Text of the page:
Women with polycystic ovary syndrome struggle with their body image – weight-loss attempts and body dissatisfaction also common among normal weight women
PCOS is the most common hormonal disorder among women of reproductive age with diagnostic criteria including irregular menstrual cycles, the overproduction of male hormones as well as polycystic ovaries. As many as 50–70 per cent of women suffering from PCOS have overweight.
“The results of our study show that women with PCOS do their best to lose weight but, despite their efforts, they continue to have a clearly higher body mass index and waist circumference than other women,” says Doctoral Researcher Emilia Pesonen from the University of Oulu.
Having overweight adds to these women’s risk of developing comorbidities such as type 2 diabetes, which is why the importance of losing weight and weight management is emphasised in the treatment of the condition. However, practical support for losing weight is usually not available.
“Women suffering from PCOS would need more comprehensive support, such as nutritional therapy and psychotherapy. Unsuccessful weight-loss attempts may have detrimental effects on their eating habits, self-esteem and sense of self-efficacy,” says Postdoctoral Researcher and Authorised Nutritionist Marjukka Nurkkala from the University of Oulu.
Previous studies have shown that women with PCOS are more likely to be dissatisfied with their bodies than other women, and their risk of developing an eating disorder is up to three times as high as that of other women. The recently published study shows that normal-weight women with PCOS also struggle with their body image.
“The syndrome itself increased the risk of both several weight-loss attempts and the feeling of being overweight at midlife, and the observed link could not be explained by issues such as body mass index or psychological distress,” Pesonen says.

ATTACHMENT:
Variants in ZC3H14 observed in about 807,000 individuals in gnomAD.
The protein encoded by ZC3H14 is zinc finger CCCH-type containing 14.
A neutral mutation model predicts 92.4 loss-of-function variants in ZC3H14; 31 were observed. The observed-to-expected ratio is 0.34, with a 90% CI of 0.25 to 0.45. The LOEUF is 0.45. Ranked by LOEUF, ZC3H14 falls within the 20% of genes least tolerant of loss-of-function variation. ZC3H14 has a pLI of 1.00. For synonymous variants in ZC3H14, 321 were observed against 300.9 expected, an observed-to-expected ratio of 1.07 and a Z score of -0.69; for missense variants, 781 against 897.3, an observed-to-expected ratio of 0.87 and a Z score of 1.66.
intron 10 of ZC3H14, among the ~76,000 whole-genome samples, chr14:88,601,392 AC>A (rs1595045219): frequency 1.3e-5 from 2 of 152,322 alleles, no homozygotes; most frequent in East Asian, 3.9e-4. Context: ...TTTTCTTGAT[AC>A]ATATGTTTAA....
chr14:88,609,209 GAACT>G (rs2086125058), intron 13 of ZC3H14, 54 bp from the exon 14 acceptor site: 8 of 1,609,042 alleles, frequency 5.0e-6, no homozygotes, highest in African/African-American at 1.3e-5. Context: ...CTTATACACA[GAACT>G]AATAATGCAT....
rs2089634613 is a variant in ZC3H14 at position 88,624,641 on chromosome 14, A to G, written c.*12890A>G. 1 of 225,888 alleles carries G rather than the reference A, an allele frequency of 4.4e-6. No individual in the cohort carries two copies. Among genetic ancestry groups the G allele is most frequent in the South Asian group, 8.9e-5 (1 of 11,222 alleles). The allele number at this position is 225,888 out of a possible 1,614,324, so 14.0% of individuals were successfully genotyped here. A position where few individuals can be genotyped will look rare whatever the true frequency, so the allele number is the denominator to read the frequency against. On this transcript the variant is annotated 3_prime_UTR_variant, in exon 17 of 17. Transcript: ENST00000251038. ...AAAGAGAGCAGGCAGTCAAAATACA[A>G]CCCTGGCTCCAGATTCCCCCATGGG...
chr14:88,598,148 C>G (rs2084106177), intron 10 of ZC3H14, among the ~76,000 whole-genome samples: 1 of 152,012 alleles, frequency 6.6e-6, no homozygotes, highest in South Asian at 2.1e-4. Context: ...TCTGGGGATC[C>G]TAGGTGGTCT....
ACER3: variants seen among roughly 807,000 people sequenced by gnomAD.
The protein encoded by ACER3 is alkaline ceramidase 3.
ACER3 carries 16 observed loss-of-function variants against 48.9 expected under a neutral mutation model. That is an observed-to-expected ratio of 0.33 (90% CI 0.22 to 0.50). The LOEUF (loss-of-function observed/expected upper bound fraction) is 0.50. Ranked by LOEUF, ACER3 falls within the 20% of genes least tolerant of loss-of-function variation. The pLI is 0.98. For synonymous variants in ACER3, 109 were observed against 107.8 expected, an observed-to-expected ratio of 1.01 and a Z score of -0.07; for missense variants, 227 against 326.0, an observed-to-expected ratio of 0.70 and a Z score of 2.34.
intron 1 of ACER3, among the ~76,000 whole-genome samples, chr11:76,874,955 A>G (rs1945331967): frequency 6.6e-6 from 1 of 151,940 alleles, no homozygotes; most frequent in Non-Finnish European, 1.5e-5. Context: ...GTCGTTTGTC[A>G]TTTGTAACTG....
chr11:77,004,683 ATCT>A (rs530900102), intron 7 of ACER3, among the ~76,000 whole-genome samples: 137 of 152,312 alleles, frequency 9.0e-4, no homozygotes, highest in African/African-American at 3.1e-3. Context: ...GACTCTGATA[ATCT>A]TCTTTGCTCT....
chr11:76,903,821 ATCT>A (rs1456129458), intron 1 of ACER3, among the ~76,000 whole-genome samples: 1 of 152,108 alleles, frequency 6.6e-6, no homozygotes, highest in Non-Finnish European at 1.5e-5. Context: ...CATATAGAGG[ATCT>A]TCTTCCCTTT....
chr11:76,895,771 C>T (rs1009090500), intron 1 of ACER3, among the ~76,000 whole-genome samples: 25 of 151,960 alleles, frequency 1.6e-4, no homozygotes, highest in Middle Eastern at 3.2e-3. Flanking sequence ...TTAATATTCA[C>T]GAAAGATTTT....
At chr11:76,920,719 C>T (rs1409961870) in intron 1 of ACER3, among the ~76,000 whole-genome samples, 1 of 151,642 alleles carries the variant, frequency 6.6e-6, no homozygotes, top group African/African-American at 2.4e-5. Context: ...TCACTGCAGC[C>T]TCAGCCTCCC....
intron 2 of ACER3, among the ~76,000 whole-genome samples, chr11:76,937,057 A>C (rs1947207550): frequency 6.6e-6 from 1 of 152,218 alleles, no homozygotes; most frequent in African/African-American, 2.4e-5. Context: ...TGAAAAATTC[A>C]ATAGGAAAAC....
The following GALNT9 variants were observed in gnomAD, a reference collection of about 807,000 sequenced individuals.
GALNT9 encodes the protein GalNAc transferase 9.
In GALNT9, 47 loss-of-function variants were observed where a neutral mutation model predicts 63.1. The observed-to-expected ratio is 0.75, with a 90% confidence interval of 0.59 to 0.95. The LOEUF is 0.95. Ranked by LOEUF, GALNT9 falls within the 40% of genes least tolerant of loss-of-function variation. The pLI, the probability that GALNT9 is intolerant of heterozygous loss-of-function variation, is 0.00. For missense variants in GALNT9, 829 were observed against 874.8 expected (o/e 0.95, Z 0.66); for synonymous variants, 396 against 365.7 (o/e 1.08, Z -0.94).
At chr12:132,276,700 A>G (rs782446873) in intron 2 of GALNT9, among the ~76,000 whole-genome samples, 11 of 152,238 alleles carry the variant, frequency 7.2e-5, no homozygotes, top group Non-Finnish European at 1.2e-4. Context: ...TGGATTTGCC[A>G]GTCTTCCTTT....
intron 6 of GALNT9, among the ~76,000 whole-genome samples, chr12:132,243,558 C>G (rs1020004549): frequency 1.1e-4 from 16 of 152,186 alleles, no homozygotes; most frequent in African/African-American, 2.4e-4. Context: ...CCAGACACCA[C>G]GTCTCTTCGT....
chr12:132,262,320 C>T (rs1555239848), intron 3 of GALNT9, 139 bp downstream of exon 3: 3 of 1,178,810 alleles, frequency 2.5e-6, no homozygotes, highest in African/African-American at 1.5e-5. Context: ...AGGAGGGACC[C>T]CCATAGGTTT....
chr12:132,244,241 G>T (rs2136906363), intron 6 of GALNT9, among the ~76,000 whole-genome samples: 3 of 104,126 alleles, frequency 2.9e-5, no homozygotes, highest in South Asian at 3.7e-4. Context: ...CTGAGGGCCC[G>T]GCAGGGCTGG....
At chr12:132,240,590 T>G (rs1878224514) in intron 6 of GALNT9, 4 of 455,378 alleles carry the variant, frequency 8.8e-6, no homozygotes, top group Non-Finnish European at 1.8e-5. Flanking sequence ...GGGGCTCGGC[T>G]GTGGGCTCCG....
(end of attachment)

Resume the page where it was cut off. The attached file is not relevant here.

Doctors often warn women suffering from the syndrome not to gain weight. “Matters related to weight should always be discussed in a positive light, without blaming the women. It is a good idea to focus on health rather than weight during medical appointments. It is also important to keep in mind that not all women with PCOS have overweight,” says Terhi Piltonen, Professor of Obstetrics and Gynaecology at the University of Oulu.
According to researchers, healthcare professionals should pay attention not to add to the stress that women with PCOS experience regarding their weight. “We need additional research to find whether these women would benefit more from a weight-neutral approach to making lifestyle changes. We are also hoping that bariatric surgery and medical treatment will be introduced as part of the treatment among women with PCOS who have suffered from obesity for a long time,” Piltonen continues.
The study involved 1,828 women in the Northern Finland Birth Cohort 1966, of whom 278, or 15 per cent, had been diagnosed with PCOS. The women’s weight-loss attempts and feelings of their own weight were studied using surveys when they were 31 years old and again when they were 46.
The study was published in Obesity journal. It was funded by the Jenny and Antti Wihuri Foundation, the Sigrid Jusélius Foundation, the Academy of Finland, Novo Nordisk and the Ministry of Education and Culture.
Research article: Pesonen E, Nurkkala M, Niemelä M, Morin-Papunen L, Tapanainen J.S, Jämsä T, Korpelainen R, Ollila M-M, Piltonen T.T. Polycystic ovary syndrome is associated with weight-loss attempts and perception of overweight independent of BMI: a population-based cohort study. Obesity (Silver Spring). 2023;1–13. doi:10.1002/oby.23681